I’m not sure I’d say it was a good attempt, but it’s one with a lot of integrity… another reason Sturges couldn’t pull it off–he was way too invested in it. Biopics belong to the subject, regardless of liberties taken, never to the storyteller.

2/4★★

CREDITS

Directed by Preston Sturges; screenplay by Sturges, based on the book by René Fülöp-Miller; director of photography, Victor Milner; edited by Stuart Gilmore; music by Victor Young; released by Paramount Pictures.

Starring Joel McCrea (William Thomas Green Morton), Betty Field (Elizabeth Morton), Harry Carey (Prof. Warren), William Demarest (Eben Frost), Louis Jean Heydt (Dr. Horace Wells), Julius Tannen (Dr. Charles Jackson), Edwin Maxwell (Vice-President of Medical Society), Porter Hall (President Franklin Pierce), Franklin Pangborn (Dr. Heywood), Grady Sutton (Homer Quimby), Donivee Lee (Betty Morton), Harry Hayden (Judge Shipman) and Torben Meyer (Dr. Dahlmeyer).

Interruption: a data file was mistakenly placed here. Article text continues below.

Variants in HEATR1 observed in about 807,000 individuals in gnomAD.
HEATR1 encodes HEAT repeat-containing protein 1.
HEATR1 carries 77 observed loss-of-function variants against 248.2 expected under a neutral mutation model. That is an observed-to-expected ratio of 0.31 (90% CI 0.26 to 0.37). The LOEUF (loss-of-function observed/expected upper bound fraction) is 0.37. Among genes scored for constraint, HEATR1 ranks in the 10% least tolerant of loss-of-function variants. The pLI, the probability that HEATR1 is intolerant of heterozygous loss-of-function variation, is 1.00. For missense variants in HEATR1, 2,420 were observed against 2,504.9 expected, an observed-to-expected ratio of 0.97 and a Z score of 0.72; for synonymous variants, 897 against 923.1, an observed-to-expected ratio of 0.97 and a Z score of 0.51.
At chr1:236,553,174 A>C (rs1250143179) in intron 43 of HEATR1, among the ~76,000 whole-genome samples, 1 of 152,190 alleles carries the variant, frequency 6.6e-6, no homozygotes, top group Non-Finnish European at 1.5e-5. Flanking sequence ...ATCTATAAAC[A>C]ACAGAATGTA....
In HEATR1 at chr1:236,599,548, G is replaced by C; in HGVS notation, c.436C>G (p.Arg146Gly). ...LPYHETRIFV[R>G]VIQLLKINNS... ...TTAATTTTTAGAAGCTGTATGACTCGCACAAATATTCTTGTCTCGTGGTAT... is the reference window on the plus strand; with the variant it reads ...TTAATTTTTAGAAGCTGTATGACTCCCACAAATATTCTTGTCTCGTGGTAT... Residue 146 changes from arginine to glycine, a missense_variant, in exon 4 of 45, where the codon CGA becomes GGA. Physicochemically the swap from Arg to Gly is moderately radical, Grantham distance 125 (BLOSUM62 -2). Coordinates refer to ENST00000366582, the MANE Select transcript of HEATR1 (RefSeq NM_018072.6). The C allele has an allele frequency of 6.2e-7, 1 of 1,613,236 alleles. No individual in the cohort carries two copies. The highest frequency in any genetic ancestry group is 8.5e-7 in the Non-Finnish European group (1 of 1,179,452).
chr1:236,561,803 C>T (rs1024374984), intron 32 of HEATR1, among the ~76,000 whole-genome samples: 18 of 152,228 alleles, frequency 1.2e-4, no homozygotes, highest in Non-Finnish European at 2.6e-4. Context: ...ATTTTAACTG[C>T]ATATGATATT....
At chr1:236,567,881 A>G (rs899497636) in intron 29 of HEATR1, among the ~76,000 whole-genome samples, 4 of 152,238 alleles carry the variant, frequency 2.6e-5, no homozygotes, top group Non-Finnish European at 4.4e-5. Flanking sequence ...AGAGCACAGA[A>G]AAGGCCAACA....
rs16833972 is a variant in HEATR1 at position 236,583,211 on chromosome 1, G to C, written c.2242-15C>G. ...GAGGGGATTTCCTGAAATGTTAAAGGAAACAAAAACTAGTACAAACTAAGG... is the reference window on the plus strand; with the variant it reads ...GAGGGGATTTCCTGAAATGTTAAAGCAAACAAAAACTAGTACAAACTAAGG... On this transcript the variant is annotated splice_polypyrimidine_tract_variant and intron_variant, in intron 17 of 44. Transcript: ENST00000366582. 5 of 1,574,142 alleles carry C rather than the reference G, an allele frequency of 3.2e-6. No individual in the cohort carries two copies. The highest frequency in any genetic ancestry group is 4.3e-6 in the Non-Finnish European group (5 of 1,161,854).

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Hail the Conquering Hero (1944, Preston Sturges)

Well.

I’m trying to think about how to talk about Hail the Conquering Hero. It shouldn’t so difficult. The film is great, better than I remembered it, but it’s never easy to talk about great films. I mean, how many words can you pull out of your ass for something you love? You want to share things you love and defecate on the things that deserve it. Hail the Conquering Hero deserves reverence.

Still, there are a few specifics I can comment on. And not Sturges so much. Yes, he constructed an almost perfect film in 96 or so minutes. The structure of a film’s interesting and helps you talk about it if you have to think about how the film succeeds or fails. I’m not doing that here. Yes, there are the great moments of comedy, the wonderful small character relationships between supporting characters that’s seemingly a lost art, there’s lots of stuff….